New Control Mechanism for French Religious Associations to Access Subsidies
A current tool has been implemented under the french anti-separatism law, which aims at reinforcing "respect of republican principles." This is the Republican Commitment Contract (CER), which was approved in 2020, and it needs to be signed by all associations, including religious ones, to have access to subsidies. While the National Council of Evangelicals (CNEF) and the Protestant Evangelical Committee for Human Dignity (CPDH) welcome the contract that seeks to uphold freedom of association and freedom of conscience, thought and religion, as well as the fight against violence, they are concerned about the practical application and interpretation of these measures by public authorities or administrations, as "some terms could be misinterpreted."
During the controversial discussion about this recent measure in 2020, the Minister of Interior, Gérald Darmalnin, made some negative statements against evangelical Christians. In an interview with C News, he said: “Evangelicals are a very important problem. Obviously not of the same nature as the Islamism that makes terrorist attacks and deaths.” A day before, he stated to the radio broadcaster France Inter: “We cannot discuss with people who refuse to write on paper that the law of the Republic is superior to the law of God.”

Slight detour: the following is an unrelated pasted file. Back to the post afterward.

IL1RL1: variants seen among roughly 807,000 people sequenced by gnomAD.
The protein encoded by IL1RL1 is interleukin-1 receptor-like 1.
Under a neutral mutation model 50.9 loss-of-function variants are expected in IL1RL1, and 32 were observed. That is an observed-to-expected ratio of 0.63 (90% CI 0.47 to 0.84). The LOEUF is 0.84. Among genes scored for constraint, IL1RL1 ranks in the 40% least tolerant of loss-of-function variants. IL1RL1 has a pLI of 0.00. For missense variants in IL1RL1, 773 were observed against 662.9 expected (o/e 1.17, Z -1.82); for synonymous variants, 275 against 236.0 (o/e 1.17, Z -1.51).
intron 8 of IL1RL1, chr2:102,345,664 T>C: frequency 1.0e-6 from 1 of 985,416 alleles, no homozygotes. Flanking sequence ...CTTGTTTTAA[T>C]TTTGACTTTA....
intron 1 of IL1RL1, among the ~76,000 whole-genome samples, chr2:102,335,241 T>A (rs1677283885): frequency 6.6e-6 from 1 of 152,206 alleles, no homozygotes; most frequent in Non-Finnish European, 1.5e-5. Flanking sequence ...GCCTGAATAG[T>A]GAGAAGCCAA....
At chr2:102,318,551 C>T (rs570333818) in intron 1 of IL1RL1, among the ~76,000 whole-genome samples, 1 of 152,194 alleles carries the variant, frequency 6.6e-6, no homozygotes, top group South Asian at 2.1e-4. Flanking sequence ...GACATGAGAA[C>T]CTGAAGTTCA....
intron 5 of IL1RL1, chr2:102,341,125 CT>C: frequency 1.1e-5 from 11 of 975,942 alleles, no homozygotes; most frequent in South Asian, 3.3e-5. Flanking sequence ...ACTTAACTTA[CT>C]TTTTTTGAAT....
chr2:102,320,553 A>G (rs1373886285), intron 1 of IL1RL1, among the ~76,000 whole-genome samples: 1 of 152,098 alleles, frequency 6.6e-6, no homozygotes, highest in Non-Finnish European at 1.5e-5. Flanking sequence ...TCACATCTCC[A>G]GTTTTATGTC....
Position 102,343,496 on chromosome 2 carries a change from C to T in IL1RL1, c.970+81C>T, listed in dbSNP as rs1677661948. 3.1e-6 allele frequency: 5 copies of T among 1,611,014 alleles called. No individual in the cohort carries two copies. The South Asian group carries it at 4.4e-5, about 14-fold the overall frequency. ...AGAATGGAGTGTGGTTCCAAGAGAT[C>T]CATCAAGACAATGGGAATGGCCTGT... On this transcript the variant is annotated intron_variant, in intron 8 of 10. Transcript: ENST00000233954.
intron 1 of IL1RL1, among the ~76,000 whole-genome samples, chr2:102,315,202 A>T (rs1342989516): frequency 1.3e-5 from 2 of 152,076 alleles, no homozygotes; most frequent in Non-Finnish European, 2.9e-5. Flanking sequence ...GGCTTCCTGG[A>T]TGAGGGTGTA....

The CER states that associations must “accept seven commitments: respect for the laws of the Republic; freedom of conscience, freedom of the members of the association; equality and non-discrimination; fraternity and prevention of violence; respect for the dignity of the person; and respect for the symbols of the Republic.”
The CNEF and the CPDH stated that they “must remain vigilant about the conditions of application and interpretation of these new measures by public authorities or administrations," because “Certain terms like abusive proselytism or arbitrary exclusion could be misinterpreted. The possibility of administrative appeal is not excluded if the public authorities refuse to provide financial support.”
“We call for a society of trust and not of mistrust,” concluded the statement.
Several other Human Rights Groups have expressed their concern or opposition to this control mechanism, as it could endanger freedom of religion.
Symbolic Photo by Herberth Knight on Unsplash